The Speaker Co (Large range of drive units plus speaker kits)
Unit 9, Waterside Mill
Waterside, Macclesfield, SK11 7HG. United Kingdom
Tel. (0625) 500507
1828 West Peoria Avenue
Phoneix AZ 85029 USA
SRS Enterprises (Pyle, Pioneer)
318 South Wahsatch Avenue
Colorado Springs CO 80903 USA
Wilmslow Audio (Kits and drive units. KEF, Dynaudio, Audax, SEAS,
Peerless, Scanspeak, Morel)
Parkgate Trading Estate
Knutsford, Cheshire, WA16 8DX United Kingdom
Tel (0565) 650605
Zalytron (Broad line including kits)
469 Jericho Turnpike
Mineola NY 11501 USA
Audiocab (Speaker kits and cabinets)
9 Skewbridge Close
Wooten Bassett, Swindon, SN4 7DW United Kingdom
Tel (0793) 848437
Audio Concepts, Inc. (Wide range of kits. Catalog available)
(see 9.10, above)
Fried Products (Parts kits starting $550. Catalog available)
(Emphasizes high-end transmission line speakers)
(Parts kits have plan, crossover, and driver)
1323 Conshocken Road
Norristown, PA 19401 USA
610-277-1014 or 800-255-1014
IPL Acoustics (Kits using SEAS, Morel, Audax, and Visaton)
2 Laverton Road
Westbury, Wiltshire, BA13 BRS United Kingdom
Tel (0373) 823333
Mahogany Sound (Parts kits and Woodstyle kits)
(Parts kits have plan, crossover, and driver)
(Woodstyle kits also have 3/4" MDF veneered boxes)
(Prices $150/pair to $500/pair. Catalog available)
(Two way, three way & subwoofer kits)
2610 Schillingers Rd #488
Mobile AL 36695 USA
Tabula Rasa (Wide range of speaker kits)
1 Silkin Dalton Close
W. Sussex, RH11 9JD United Kingdom
Tel. (0293) 531190
Also see above, under suppliers for speaker drivers.
The best way to change the sound of your speakers is to change
where you put them. Ideally, the speakers should be located at
ear level, in front of you, squared off between you. It's then
a matter of fiddling with a) the angles, b) the distance apart,
c) the distance from you, and d) the distance from the wall.
Just moving the speakers around in the room or putting them onto
stands can make a major difference.
Other than that, speaker modifications can be a can of worms, or
can produce very subtle changes, which you might prefer. For
example, you might improve a speaker by adding some cross braces
of 1"x1" wood from left to right and from front to back. This
will stiffen the cabinet and reduce speaker cabinet wall
vibrations, which probably hurt sound quality. Alas, this will
be most effective with lower-cost and poorly built speakers.
Along similar lines, some claim success putting lead wire or
epoxy putty on thin parts of the speaker to damp out resonances.
You can try doing this to the thinner parts of the speaker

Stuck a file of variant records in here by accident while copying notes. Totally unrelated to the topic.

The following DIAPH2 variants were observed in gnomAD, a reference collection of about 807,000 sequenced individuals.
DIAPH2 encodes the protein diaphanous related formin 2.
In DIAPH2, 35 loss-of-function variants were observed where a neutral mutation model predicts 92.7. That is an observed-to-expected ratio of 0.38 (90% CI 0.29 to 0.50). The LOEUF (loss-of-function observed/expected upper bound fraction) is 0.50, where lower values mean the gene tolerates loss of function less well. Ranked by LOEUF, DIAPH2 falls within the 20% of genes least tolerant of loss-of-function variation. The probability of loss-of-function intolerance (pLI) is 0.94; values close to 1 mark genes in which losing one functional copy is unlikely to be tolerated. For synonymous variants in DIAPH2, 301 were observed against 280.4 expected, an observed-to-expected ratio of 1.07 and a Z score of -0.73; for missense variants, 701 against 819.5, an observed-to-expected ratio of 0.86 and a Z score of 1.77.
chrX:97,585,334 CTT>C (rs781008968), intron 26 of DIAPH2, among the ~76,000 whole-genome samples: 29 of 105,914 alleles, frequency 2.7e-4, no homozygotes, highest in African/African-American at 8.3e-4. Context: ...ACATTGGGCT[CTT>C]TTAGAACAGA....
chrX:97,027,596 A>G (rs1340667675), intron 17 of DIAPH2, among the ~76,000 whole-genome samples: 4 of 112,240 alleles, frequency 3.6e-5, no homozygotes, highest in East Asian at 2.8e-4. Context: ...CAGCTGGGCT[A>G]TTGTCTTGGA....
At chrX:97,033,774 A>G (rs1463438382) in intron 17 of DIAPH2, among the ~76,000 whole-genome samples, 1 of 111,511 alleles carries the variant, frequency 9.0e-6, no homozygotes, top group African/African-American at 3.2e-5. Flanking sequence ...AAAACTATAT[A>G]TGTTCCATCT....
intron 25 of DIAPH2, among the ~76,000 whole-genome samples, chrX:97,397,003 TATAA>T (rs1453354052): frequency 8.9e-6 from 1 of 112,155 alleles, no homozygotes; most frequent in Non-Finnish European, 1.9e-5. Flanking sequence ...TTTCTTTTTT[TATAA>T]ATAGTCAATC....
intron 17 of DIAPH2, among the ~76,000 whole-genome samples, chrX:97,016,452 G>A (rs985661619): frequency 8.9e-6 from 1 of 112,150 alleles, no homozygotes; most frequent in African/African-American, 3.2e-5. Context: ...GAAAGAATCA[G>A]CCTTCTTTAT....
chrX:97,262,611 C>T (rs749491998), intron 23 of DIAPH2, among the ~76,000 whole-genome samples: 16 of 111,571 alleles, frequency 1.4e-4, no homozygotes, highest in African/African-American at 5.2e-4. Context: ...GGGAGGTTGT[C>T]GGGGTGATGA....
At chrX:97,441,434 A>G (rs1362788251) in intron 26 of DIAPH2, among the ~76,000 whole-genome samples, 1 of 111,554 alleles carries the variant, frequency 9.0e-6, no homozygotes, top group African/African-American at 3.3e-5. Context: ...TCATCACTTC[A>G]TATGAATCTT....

"basket" or frame, or to the front "baffle" or supporting panel.
Still another "tweak" is to add sound deadening felt pads to the
inside walls of the speaker. Instead of felt pads some advocate
sand-filled latex coatings on the inside walls of speakers.
Others advocate ceramic tiles held in place with "thinset".
Still others rave about commercial products like AC Glop,
Acoustic Magic, and Bostik Sheet. However, the people who rave
about these products tend to be the same people who sell them.
Any change along the lines of adding felt, cross-bracing, or
putty will have subtle effects on the sound.
For the brave at heart, you can replace old or cheap drivers
with better ones, but the results of this one change can be very
dissatisfying if you happen to get the wrong type of driver for
that application, and may never sound right, even if you use a
similar driver. Speaker system design is still somewhat of a
science and somewhat of an art. Throwing paint on a canvas
often makes a mess.
Whatever change you try, don't "burn your bridge" home. Be sure
that you can undo whatever change you did, just in case. Many
tweaks to good speakers, no matter how well thought through,
will correct for one flaw, but create others, or correct a flaw
that the designer had cleverly used to his advantage.
The best chance of success is to buy an identical replacement
speaker driver from the manufacturer of the system.
Second choice is to buy the exact same driver from a
distributor. This is sometimes difficult because it is hard to
learn exactly what driver the manufacturer used. In addition,
EVEN IF the manufacturer used stock speakers, they might have
used matched pairs or selected speakers by hand for an exact set
of specific characteristics.
There are companies that rebuild drivers, but they charge quite
a bit. I have heard $75 per driver. This is rarely done for
anything but very expensive commercial drivers. Speaker
manufacturers will often sell owners the materials that they
need to repair a speaker. If you are handy with delicate
things, it is worth a try.
In addition to speaker manufacturers, there are companies which
sells rebuild kits for approximately $30 per pair, containing
new foam, a special glue, and instructions. If you have a blown
or distorted voice coil, this still won't help. A few netters
have used rebuild kits from this company successfully. Contact:
Stepp Audio Technologies
PO Box 1088
Flat Rock NC 38731 USA
Two other vendors of speaker repair parts are:
Parts Express (sells 8", 10", 12",
& 15" repair kits)
340 E First St
Dayton OH 45402-1257 USA
P. O. Box 22673
St. Petersburg FL 33742 USA
800-767-4041 or 813-571-1245